Thank God that the Ruler Whose dominion stretches beyond the earth and over all the galaxies and wonders of all the universe, is the same King Who stood before Pilate and lived the truth of God's love. The One Who is our Judge is the same One Who gave His life as a ransom for us. The One Who calls us to serve Him and live under Him in His kingdom in everlasting righteousness, innocence and blessedness is the same One Who came not to be served but to serve. The One Who demands obedience from us is the same One Who gave up everything to forgive our disobedience by obeying His Father unto death, even death on a cross.

We close the Church Year, not just standing in awe of, but ready to serve the King Whose power and authority go far beyond not only the resources but even the imagination of any other king. In one short week we will be even more awed and inspired by the knowledge that this same King is the frail and dependent Child Who comes to bring peace on earth, His grace to all women and men.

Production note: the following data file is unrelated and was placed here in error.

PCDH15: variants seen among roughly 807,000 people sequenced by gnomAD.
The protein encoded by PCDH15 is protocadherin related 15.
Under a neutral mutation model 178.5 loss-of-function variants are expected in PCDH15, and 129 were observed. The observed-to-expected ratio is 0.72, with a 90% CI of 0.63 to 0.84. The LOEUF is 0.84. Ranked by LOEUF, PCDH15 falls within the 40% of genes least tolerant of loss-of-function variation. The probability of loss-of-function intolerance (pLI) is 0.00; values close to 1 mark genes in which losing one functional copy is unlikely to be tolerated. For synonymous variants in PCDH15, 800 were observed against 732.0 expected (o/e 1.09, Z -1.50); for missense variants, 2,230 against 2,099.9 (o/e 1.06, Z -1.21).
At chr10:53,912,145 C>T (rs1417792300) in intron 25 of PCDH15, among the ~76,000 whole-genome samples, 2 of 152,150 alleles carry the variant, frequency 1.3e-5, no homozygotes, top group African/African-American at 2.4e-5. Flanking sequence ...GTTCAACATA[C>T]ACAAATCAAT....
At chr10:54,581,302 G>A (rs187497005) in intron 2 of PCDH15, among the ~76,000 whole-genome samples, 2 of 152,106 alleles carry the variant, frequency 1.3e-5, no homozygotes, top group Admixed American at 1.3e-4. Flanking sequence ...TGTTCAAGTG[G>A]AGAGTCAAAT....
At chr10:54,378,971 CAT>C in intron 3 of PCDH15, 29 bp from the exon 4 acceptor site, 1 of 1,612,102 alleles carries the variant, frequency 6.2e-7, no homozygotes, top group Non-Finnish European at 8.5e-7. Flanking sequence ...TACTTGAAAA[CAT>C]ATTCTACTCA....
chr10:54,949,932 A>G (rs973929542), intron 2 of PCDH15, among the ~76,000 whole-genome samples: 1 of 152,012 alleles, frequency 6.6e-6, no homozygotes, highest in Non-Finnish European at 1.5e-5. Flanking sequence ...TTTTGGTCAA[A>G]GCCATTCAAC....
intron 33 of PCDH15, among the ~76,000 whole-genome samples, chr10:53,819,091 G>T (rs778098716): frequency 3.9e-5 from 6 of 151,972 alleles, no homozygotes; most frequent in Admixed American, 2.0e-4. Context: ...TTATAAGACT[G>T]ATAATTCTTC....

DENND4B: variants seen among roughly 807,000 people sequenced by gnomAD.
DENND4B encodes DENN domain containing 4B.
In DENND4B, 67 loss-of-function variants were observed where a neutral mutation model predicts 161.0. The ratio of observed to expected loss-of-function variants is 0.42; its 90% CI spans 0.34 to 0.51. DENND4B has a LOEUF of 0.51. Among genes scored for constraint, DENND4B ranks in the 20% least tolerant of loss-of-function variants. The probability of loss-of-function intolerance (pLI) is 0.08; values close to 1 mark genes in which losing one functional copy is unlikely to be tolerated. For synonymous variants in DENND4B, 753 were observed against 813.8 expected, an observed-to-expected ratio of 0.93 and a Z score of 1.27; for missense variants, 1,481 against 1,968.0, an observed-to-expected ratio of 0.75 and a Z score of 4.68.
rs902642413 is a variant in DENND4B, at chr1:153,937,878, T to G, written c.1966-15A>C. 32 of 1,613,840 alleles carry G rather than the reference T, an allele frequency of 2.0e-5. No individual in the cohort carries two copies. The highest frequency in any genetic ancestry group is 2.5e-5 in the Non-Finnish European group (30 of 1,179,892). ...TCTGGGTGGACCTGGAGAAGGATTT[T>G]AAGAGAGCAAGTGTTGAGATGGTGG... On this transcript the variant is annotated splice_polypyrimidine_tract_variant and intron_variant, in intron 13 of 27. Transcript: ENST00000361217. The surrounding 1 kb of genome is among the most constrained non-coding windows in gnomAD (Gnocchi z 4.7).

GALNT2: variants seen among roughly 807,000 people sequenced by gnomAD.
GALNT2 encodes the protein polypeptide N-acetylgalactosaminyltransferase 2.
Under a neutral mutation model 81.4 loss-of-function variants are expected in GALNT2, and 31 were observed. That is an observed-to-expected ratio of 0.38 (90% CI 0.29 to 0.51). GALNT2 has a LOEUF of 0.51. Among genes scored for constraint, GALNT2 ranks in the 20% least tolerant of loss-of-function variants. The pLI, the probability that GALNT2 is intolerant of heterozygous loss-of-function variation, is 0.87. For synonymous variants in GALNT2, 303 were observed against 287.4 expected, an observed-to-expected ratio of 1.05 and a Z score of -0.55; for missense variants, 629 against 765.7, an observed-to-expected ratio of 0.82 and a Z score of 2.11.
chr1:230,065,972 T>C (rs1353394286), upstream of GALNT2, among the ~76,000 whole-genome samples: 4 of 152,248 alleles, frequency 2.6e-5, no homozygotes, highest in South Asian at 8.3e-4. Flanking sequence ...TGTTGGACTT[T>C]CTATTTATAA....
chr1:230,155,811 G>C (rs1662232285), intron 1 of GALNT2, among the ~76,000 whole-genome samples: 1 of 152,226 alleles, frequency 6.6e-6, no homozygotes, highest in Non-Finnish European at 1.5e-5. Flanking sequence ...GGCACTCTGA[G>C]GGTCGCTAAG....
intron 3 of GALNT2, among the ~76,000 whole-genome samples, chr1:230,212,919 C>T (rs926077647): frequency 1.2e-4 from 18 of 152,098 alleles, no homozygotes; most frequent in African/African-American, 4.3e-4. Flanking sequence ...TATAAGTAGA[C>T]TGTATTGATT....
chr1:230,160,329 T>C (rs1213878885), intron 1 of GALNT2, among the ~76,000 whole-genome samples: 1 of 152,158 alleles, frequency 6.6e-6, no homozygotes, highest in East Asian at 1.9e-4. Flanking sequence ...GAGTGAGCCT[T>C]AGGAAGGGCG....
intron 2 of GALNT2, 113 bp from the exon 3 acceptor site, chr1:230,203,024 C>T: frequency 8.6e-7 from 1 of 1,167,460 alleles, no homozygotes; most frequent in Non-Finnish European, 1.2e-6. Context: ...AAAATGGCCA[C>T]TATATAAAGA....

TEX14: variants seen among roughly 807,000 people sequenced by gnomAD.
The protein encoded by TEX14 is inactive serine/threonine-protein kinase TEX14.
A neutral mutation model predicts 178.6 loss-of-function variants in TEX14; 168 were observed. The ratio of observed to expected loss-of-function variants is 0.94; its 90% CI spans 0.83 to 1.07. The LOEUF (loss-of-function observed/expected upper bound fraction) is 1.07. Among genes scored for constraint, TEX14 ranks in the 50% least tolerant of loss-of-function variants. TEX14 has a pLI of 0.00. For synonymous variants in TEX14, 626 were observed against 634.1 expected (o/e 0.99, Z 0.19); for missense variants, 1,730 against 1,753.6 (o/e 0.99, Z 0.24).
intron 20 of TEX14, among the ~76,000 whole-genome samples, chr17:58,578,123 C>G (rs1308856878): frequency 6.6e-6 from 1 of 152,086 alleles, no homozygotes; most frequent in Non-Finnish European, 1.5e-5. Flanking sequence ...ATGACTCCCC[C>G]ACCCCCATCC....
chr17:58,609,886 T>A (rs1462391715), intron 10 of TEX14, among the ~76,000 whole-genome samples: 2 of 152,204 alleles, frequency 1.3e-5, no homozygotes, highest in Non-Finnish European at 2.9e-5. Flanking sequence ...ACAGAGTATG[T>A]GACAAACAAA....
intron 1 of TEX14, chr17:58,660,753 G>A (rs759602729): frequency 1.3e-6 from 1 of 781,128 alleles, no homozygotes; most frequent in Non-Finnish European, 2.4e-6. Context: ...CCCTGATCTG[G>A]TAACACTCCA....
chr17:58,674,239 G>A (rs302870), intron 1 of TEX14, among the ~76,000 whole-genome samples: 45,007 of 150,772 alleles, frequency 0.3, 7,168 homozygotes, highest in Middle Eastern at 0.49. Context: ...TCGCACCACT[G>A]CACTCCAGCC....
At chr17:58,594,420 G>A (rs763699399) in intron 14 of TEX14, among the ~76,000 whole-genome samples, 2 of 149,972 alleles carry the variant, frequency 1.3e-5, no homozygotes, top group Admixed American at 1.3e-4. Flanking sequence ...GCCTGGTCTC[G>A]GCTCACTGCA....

Friday, November 21, 2008

Lutheran Quote of the Day: "Every Action of the Triune God is a Promise that Gives and a Gift that Promises"

"In the particular divine service, we can hear, taste, and see, through the word, that what holds the world together in its inmost essence is the categorical gift rather than the categorical imperative (contra Kant). The particular divine service does not cultivate its own separate religious sphere, but it discloses the world as creation. In the light of his Reformation discovery that the Words of Institution spoken over the Lord's Supper are fundamentally performative words that give what they say, Luther developed his characteristic understanding of creation as God's gift. Luther has these gift-giving words of the Lord's Supper in his ears, before his eyes, and in his heart when he confesses that every action of the triune God is a promise that gives and a gift that promises.